Research Team Develops Technology That Could Make Gene Therapy Safer

A Baylor College team of researchers headed by author and Associate Professor of Pathology, Liaising Yen, have spent over ten years working on a technology to effectively regulate gene expression.

As outlined in a recent article in Science Daily and published in Nature Biotechnology, Prof. Yen’s technology is considered to be a solution that satisfies the gap in clinical applications for gene therapy.

About Gene Expression

The majority of genes possess all the information required to produce proteins (molecules). Moving from gene to protein is a complex process consisting of two steps: transcription and translation, collectively known as gene expression.

It is an on/off switch which controls where and when RNA proteins and molecules can be made. The new technology effectively regulates gene expression.

Beginning with the process of transcription, the information that is stored in the DNA of a gene is then passed along to the RNA molecule in the cell nucleus.

Genes may be modified by gene therapy to treat a disease after which they must take one more step. The genes must be maintained within a therapeutic window.
The therapeutic window (or pharmaceutical window) of a drug is the range of drug dosages which can treat disease effectively without having toxic effects.

Its principle has been recognized for quite some time. However, until now there were no strategies for safe implementation. Therefore, potential applications of gene therapy have been limited.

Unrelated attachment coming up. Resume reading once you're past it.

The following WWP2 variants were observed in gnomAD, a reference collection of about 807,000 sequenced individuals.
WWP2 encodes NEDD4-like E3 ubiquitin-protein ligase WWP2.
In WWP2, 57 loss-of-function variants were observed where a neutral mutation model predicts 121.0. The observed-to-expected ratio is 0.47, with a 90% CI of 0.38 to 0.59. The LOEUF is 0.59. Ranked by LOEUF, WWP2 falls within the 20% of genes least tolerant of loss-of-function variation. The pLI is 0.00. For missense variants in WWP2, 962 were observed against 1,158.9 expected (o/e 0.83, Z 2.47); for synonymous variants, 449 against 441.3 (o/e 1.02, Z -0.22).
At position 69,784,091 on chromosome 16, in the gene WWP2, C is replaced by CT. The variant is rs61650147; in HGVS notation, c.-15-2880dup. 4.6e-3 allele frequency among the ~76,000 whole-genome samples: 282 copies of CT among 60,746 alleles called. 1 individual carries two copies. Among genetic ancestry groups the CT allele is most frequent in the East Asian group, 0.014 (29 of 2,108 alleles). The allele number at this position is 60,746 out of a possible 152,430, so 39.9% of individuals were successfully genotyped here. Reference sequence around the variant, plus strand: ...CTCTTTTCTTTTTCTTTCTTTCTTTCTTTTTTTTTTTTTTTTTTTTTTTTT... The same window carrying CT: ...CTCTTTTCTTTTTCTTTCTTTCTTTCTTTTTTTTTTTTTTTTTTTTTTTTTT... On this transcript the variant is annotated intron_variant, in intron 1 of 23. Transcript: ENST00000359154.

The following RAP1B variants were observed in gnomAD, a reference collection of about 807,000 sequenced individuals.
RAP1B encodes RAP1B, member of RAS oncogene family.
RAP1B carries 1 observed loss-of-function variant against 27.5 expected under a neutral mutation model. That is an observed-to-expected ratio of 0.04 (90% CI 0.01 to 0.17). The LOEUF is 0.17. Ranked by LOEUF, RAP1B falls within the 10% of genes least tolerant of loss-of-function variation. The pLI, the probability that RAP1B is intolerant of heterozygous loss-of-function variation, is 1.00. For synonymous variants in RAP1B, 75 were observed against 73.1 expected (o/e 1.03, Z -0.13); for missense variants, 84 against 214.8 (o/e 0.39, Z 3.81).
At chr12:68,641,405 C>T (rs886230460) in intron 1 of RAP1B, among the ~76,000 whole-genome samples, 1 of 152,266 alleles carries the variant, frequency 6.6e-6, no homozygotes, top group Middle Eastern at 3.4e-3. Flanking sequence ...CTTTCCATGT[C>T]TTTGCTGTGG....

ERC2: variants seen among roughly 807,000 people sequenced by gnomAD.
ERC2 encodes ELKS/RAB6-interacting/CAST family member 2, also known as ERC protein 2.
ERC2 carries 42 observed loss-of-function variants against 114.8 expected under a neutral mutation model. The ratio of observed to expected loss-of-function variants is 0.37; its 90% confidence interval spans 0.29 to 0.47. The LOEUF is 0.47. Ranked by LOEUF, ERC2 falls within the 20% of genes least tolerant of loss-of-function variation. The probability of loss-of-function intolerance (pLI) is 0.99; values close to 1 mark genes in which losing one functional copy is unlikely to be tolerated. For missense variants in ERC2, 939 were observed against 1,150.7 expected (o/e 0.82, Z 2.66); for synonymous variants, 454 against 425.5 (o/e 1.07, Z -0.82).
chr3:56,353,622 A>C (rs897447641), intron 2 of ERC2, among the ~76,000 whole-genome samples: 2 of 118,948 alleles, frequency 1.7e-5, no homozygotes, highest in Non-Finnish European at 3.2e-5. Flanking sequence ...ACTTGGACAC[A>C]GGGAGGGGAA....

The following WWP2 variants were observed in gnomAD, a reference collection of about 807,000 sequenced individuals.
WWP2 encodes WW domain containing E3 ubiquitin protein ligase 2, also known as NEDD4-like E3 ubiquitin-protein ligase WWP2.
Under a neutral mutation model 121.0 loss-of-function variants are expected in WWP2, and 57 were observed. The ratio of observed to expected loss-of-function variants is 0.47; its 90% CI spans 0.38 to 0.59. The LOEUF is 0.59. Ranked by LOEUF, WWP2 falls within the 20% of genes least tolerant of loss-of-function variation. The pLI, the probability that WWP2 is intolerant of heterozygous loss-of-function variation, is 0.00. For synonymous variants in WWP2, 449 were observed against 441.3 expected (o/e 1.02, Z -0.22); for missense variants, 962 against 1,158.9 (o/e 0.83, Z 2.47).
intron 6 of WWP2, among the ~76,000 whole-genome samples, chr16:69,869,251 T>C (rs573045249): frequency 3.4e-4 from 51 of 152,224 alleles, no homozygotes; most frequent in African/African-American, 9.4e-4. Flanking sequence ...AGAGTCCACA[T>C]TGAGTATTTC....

Think in terms of a doctor prescribing medication and adjusting the medication in accordance with a patient’s needs. Accordingly, using genes that are modified in order to treat a disease must be accomplished in the therapeutic window.

The importance of staying within a safe range is that too much protein may be toxic and administering too little protein may leave the patient with no therapeutic benefit.

The professor told Science Daily that their technology uses small molecules that interact with RNA and may not cause an immune response. The system developed by Prof. Yen and colleagues turns genes on at various levels with the use of small molecules that are doses approved by the FDA.

Rose Duesterwald

Rose Duesterwald

Rose became acquainted with Patient Worthy after her husband was diagnosed with Acute Myeloid Leukemia (AML) six years ago. During this period of partial remission, Rose researched investigational drugs to be prepared in the event of a relapse. Her husband died February 12, 2021 with a rare and unexplained occurrence of liver cancer possibly unrelated to AML.

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